The most important longitudinal study of cardiac risk factors ever conducted—the Framingham Heart Study—is based in the Department of Medicine at Boston University. The National Emerging Infectious Diseases Laboratories, funded by NIH, Boston University, and Boston Medical Center, opened in late 2011. This 200,000 sq. ft. research center houses up to 20 research teams working on emerging infectious diseases that require high-level bio-containment (BSL 4). The Center for Regenerative Medicine was established by the Department of Medicine in partnership with Chobanian & Avedisian SOM and BMC to accelerate groundbreaking work in stem cell biology. In addition, the department’s Evans Center for Interdisciplinary Biomedical Research (ECIBR) provides resources and infrastructure for faculty to work in multidisciplinary and interdisciplinary teams that create new approaches to the discovery process. As of AY 2022, over 250 faculty and 100 graduate students were participating in the programs supported by the Evans Center for Interdisciplinary Biomedical Research. These faculty have secured over 150 extramural research grants and produced over 500 publications on work related to the ECIBR Affinity Research Collaboratives. The Center for Implementation and Improvement Science, established in 2017, further increased the scope and impact of the projects and training relative to implementation science in the department and established a new fellowship program in 2022.
The department’s educational programs have a long-standing tradition of training national leaders in discovery, clinical care, and medical education. The present faculty enthusiastically embrace this tradition and are eager to promote the development of the next generation of leaders in medicine. The residency program includes a robust training experience with a very diverse patient population and a wide range of opportunities for academic pursuits. It has a strong emphasis on equity and social justice. In addition, the residency program provides pathways that provide enhanced training in the following areas: HIV medicine, global/urban health/equity, medical education, quality improvement/patient safety, medical informatics, and cardiovascular epidemiology.
The residency program includes 142 residents, over 20% of whom are from groups underrepresented in medicine and 15% of whom have advanced graduate degrees. The residency program also offers a nationally renowned track in primary care as well as an accelerated research track. The department offers 14 ACGME-accredited subspecialty fellowships. In addition to our GME programs, the department’s educational programs include PhD programs in Translational & Molecular Medicine, Genetics & Genomics, and Nutrition & Metabolism, as well as a long-standing successful program in Continuing Medical Education.
The goals of the department’s educational programs are to attract the most outstanding trainees, enforce rigorous standards of achievement, develop a learning environment and individualized programs of study that help trainees reach their full potential, and to create an exemplary mixture of professionalism, clinical excellence, service, and integrity.
Medical Student Education
The Department of Medicine plays a central role in educating students throughout the four-year Chobanian & Avedisian SOM curriculum. Medicine faculty promote the development of foundational communications and physical diagnosis skills while providing much of the instruction in Doctoring 1 and 2 as Academy of Medical Educator faculty. As of 2023, the school is transitioning into a longitudinal integrated course, known as PISCEs (Principles Integrating Science, Clinical Medicine, and Equity), and the department provides significant leadership in this course that integrates foundational science, pathophysiology, and disease management.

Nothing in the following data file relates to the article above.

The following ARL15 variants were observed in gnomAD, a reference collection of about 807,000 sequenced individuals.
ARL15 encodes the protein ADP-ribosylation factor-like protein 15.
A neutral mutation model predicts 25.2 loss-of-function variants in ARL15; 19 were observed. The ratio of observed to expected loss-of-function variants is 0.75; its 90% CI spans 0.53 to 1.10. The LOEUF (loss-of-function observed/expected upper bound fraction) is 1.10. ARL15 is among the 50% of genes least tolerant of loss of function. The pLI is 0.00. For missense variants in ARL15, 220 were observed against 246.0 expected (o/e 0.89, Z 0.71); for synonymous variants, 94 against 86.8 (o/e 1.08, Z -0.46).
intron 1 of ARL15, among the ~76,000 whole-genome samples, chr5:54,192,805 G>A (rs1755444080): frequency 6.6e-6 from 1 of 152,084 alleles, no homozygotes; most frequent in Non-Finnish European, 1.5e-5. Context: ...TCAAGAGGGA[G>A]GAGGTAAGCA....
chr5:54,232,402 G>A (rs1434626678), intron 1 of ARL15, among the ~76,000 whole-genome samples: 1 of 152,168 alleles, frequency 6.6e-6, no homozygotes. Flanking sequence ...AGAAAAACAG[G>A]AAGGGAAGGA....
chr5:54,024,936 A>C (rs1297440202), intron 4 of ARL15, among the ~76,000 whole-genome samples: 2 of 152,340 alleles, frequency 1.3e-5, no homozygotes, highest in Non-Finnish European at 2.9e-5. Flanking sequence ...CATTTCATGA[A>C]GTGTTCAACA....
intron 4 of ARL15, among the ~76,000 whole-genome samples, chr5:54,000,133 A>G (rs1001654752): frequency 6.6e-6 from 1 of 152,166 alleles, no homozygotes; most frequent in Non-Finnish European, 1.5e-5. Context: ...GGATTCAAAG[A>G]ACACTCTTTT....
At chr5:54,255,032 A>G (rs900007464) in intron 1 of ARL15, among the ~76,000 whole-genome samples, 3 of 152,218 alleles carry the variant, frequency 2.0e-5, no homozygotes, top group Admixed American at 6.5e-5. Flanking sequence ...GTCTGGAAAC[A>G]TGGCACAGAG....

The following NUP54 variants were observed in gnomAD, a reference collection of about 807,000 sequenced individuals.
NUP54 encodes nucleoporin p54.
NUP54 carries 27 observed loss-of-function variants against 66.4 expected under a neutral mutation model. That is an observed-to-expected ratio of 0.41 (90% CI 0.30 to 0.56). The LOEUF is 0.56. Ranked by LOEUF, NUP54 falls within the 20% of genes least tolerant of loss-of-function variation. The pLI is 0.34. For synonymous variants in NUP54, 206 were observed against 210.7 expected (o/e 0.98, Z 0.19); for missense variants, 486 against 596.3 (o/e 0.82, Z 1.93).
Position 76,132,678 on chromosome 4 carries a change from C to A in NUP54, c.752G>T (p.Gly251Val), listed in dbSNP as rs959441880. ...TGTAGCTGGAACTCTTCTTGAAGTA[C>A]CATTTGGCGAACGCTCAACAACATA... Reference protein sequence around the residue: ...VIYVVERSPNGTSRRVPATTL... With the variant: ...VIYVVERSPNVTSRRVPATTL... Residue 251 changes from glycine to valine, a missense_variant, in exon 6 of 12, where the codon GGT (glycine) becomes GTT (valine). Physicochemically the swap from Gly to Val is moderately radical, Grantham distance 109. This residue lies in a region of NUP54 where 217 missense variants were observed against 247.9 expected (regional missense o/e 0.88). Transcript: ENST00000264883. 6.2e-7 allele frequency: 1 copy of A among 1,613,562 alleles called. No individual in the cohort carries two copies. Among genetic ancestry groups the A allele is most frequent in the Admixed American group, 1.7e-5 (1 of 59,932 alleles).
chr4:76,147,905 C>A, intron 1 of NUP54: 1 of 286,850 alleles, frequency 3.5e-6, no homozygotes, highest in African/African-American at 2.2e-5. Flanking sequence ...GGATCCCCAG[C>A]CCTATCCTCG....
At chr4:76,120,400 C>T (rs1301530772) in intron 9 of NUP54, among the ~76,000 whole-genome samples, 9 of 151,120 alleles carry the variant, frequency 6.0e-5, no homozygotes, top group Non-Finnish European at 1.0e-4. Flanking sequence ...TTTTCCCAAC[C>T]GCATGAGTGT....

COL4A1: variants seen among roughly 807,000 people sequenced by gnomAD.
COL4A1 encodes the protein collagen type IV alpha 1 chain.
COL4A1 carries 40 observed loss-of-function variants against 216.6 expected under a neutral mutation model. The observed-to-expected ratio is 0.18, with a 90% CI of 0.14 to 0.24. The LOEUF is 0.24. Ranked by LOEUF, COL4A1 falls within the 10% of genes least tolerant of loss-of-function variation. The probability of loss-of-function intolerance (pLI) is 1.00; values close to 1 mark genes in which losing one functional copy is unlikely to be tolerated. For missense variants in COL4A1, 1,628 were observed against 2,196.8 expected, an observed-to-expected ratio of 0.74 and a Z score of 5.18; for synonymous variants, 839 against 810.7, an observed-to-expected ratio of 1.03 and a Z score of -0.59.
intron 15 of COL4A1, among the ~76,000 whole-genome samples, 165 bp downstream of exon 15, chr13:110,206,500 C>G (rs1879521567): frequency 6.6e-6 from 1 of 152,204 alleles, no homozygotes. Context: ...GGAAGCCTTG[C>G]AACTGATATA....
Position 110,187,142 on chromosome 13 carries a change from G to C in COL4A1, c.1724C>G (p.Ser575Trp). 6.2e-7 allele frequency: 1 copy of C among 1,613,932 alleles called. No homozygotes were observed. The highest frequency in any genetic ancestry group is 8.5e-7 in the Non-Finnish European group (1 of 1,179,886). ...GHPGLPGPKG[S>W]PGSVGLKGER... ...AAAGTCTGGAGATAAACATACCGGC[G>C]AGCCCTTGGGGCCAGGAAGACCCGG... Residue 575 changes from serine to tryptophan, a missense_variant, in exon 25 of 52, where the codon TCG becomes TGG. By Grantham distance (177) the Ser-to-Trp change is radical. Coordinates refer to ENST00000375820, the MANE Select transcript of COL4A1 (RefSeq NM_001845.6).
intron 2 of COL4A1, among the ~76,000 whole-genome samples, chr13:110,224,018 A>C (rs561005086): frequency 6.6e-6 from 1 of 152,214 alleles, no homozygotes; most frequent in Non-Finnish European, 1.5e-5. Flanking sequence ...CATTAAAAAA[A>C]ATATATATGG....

During the Medicine 1 Clerkship taken during the clinical phase, students learn clinical medicine while working side-by-side with residents and faculty in providing care to a cohort of inpatients. A key principle that guides student learning is to provide graduated responsibility with supervision. Medicine 1 introduces the clinical tools and perspectives of the internist that are appropriate to the “undifferentiated” medical student. This learning experience is complemented by a unique enrichment in which students also work closely in small groups with an Associate Clerkship Director and hone essential clinical skills (including intermediate- and advanced-level patient-centered communications skills, physical diagnosis, and clinical reasoning).
Advanced medical topics and skills are addressed during the final year of the clinical curriculum. Medicine 2 provides outpatient learning opportunities that are supplemented by enrichment sessions in communications skills, clinical reasoning, and evidence-based medicine. This clerkship also aims to provide a bridge to internship by addressing interdisciplinary topics and clinical issues relevant to students entering any specialty.
The subinternship in Medicine is a hands-on, capstone inpatient rotation that prepares students for the challenges of internship. Students are given additional clinical responsibility in patient care while under close supervision. Students have the option of rotating on traditional medicine floor teams that include attendings, residents and interns, an acting internship team with 1 resident and attending and 3 fourth-year students, or in the Medical Intensive Care Unit during their subinternship.
Finally, students enroll in the department’s many fourth-year medicine electives where they develop a more focused knowledge and clinical skill set in general internal medicine or one of the discipline’s subspecialties.